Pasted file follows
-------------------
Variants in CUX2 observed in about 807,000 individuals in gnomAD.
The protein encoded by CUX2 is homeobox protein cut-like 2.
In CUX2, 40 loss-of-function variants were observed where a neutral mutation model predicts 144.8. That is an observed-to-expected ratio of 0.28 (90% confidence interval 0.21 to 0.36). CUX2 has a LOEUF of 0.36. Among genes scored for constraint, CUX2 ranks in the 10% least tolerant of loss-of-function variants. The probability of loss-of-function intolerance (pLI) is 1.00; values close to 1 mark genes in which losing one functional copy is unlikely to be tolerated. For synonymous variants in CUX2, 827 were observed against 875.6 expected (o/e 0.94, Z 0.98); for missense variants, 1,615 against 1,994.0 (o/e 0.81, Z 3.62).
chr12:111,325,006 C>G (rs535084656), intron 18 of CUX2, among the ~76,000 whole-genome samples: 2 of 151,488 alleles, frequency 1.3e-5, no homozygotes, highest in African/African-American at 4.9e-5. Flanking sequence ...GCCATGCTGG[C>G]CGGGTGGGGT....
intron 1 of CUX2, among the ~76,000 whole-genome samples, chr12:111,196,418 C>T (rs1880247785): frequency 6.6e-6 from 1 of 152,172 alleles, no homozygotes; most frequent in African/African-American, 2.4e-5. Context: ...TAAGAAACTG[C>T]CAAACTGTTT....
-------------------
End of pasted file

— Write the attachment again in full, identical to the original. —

Variants in CUX2 observed in about 807,000 individuals in gnomAD.
The protein encoded by CUX2 is homeobox protein cut-like 2.
In CUX2, 40 loss-of-function variants were observed where a neutral mutation model predicts 144.8. That is an observed-to-expected ratio of 0.28 (90% confidence interval 0.21 to 0.36). CUX2 has a LOEUF of 0.36. Among genes scored for constraint, CUX2 ranks in the 10% least tolerant of loss-of-function variants. The probability of loss-of-function intolerance (pLI) is 1.00; values close to 1 mark genes in which losing one functional copy is unlikely to be tolerated. For synonymous variants in CUX2, 827 were observed against 875.6 expected (o/e 0.94, Z 0.98); for missense variants, 1,615 against 1,994.0 (o/e 0.81, Z 3.62).
chr12:111,325,006 C>G (rs535084656), intron 18 of CUX2, among the ~76,000 whole-genome samples: 2 of 151,488 alleles, frequency 1.3e-5, no homozygotes, highest in African/African-American at 4.9e-5. Flanking sequence ...GCCATGCTGG[C>G]CGGGTGGGGT....
intron 1 of CUX2, among the ~76,000 whole-genome samples, chr12:111,196,418 C>T (rs1880247785): frequency 6.6e-6 from 1 of 152,172 alleles, no homozygotes; most frequent in African/African-American, 2.4e-5. Context: ...TAAGAAACTG[C>T]CAAACTGTTT....